The Silmarillion

I was a Tolkien addict back in the 1970s. Like many people of my generation, I have a greyish coloured paperback copy of ‘The Hobbit’ and the yellow paper back ‘combined volume’ of Lord of the Rings. When The Silmarillion was published (after J R R Tolkien’s death) in 1977 I had to have a copy.

I had no real idea as to what I was in for and as I look at my bookshelf now it is no surprise that whilst The Hobbit and Lord of the Rings both look old and battered, The Silmarillion looks just about pristine.

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Perhaps that is a good thing for my Silmarillion is a first edition hardback copy. Maybe it will have some value in a couple of hundred years!

I suspect I was like many other eager buyers in expecting well-constructed tales such as we had been used to in the earlier Tolkien books. I hadn’t realised that what I was getting was background information about the various ages in Tolkien’s imagined world. The book is rather like others which try to build a raison d’etre for a belief system. The Old Testament of the bible comes to mind.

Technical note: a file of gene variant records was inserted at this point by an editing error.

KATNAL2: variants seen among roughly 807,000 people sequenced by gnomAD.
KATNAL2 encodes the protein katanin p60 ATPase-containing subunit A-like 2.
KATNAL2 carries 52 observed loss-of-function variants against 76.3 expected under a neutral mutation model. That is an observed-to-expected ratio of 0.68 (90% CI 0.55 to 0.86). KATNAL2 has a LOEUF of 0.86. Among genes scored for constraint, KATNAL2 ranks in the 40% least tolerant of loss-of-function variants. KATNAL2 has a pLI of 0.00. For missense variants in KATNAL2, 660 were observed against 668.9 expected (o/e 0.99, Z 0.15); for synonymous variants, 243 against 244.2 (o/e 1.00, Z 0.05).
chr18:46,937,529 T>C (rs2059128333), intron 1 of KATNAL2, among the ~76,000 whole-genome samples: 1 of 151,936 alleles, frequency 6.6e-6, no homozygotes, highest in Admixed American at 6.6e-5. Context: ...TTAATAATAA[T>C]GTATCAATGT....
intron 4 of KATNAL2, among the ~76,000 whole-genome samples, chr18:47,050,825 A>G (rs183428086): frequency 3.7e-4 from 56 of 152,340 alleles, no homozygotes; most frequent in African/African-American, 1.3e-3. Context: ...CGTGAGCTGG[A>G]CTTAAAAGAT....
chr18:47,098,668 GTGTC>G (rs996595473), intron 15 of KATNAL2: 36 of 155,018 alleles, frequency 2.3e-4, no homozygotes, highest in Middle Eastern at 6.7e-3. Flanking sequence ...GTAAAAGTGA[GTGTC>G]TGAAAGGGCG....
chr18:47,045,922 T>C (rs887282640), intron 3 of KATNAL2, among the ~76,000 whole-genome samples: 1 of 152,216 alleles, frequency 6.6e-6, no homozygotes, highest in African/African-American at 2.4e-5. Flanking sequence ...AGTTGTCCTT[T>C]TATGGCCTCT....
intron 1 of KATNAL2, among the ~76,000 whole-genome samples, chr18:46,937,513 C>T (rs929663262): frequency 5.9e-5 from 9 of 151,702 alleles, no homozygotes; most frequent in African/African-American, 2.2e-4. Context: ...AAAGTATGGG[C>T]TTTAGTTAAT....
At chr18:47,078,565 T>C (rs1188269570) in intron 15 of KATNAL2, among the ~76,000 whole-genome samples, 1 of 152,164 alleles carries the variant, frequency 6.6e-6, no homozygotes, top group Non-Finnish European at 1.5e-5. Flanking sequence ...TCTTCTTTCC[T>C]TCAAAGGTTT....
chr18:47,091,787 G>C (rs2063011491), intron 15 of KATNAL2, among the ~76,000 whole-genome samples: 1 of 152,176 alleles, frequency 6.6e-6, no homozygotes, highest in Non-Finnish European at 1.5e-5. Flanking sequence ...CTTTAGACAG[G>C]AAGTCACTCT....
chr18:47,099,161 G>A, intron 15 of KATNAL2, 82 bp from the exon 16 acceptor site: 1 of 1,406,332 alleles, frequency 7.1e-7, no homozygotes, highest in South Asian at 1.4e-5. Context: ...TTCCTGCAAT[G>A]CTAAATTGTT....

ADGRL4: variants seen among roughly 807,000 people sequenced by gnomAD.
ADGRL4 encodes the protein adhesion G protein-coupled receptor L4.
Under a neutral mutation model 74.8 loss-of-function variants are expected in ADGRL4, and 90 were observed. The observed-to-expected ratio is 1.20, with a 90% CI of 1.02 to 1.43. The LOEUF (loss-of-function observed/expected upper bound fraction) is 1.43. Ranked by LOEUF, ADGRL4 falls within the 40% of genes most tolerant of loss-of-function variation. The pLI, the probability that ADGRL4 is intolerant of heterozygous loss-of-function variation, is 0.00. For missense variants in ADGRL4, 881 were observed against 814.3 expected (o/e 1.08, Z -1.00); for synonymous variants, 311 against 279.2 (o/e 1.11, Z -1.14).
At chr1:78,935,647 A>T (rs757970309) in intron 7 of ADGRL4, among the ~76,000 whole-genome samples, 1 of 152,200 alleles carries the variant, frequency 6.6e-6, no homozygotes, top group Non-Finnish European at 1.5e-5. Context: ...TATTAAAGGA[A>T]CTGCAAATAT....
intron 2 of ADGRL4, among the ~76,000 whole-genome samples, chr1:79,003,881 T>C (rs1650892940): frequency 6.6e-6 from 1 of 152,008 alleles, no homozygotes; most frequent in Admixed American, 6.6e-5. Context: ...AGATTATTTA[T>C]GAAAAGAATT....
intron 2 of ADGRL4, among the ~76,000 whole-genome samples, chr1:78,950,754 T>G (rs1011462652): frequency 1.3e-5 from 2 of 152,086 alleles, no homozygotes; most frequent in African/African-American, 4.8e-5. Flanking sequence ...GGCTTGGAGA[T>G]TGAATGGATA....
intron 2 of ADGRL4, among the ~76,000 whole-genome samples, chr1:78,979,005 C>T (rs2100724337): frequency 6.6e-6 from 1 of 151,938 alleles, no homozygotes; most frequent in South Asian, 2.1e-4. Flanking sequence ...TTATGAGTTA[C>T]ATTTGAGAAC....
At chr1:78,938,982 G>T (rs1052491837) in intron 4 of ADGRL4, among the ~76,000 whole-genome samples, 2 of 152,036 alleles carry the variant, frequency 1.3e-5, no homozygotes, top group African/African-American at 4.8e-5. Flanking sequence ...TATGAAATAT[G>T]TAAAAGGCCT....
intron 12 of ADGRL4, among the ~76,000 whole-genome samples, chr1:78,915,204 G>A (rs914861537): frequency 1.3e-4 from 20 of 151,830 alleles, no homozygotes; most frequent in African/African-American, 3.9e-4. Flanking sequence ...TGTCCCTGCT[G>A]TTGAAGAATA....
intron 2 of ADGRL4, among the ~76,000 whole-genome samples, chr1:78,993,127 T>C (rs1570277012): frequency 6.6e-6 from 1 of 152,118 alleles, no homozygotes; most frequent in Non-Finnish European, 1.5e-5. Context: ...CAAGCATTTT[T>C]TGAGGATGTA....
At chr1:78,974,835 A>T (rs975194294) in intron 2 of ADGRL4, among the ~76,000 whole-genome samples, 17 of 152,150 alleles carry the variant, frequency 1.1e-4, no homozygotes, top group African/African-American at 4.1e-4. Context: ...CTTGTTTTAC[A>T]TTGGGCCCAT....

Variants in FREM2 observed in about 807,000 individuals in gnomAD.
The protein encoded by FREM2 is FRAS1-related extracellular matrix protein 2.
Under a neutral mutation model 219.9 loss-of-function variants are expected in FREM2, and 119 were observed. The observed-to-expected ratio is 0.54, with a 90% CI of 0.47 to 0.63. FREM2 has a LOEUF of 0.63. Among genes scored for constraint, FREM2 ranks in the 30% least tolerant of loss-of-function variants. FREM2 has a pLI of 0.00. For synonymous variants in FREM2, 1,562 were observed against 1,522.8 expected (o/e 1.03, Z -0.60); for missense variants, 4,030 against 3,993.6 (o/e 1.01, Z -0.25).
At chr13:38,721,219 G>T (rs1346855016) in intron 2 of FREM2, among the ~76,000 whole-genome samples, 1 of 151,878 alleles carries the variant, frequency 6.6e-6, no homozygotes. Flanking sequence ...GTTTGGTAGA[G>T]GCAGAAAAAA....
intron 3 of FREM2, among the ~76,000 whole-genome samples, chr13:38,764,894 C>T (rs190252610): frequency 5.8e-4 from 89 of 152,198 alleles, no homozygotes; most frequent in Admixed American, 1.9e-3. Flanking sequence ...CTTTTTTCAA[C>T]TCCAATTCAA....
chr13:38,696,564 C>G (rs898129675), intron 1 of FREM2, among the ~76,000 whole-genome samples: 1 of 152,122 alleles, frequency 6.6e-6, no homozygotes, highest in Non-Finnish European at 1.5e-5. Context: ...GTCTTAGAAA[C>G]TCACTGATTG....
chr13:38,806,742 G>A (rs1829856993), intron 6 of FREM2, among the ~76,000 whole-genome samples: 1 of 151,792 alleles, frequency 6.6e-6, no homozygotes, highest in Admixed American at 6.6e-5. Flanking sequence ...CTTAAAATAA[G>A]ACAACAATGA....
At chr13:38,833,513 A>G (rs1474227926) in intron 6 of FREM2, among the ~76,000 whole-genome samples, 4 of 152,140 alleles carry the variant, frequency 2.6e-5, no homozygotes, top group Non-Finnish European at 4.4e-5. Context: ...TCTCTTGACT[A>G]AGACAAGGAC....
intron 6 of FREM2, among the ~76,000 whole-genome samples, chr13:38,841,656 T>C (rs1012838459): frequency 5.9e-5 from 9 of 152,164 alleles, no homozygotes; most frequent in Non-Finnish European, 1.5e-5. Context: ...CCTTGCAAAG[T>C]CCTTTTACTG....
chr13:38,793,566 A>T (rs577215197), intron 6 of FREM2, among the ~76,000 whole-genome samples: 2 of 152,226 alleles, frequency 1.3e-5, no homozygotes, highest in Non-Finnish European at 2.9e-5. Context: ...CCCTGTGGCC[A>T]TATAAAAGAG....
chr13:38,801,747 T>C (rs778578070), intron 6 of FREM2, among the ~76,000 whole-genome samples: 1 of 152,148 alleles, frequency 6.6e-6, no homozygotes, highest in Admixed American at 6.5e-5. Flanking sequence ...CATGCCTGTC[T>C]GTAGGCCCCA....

I read it once and my mind swam. This could have been because my first child was born in 1977 and we went through that awful stage of sleepless nights.  If anyone asked me what it was about my only reply was that I really hadn’t a clue.

It made more sense on a second reading. No doubt it would be even more meaningful if I read it again. But I doubt I will. I have long escaped the need to live in a total fantasy world and if I do feel a need for fiction I’d much rather go for something lighter which I’d actually enjoy reading.

By the way, I have little time for the films of the Tolkien books. They ruin what I hold in my own imagination, foisting somebody else’s interpretation on me in graphic detail, and noisily. The books, as read by me and not mediated by others suit me far better.

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4 Responses to “The Silmarillion”

  1. Janet Says:

    Reblogged this on Janet’s thread.

  2. Su Leslie Says:

    I was given a copy of the Silmarillion for my birthday in 1978 (when like you I was a Tolkien addict). I read about 40 pages, once, and gave up. I guess my copy is still pristine and tucked away somewhere with the stuff I will never need again.

    • locksands Says:

      I think your response to the book was normal – and one I have given to many classics that people say we ‘should’ read.

      • Su Leslie Says:

        When I went back and tried to read The Lord of the Rings again (about 15 years ago, just before the first movie was released), I found it misogynous and tedious. I guess I’d moved on too.

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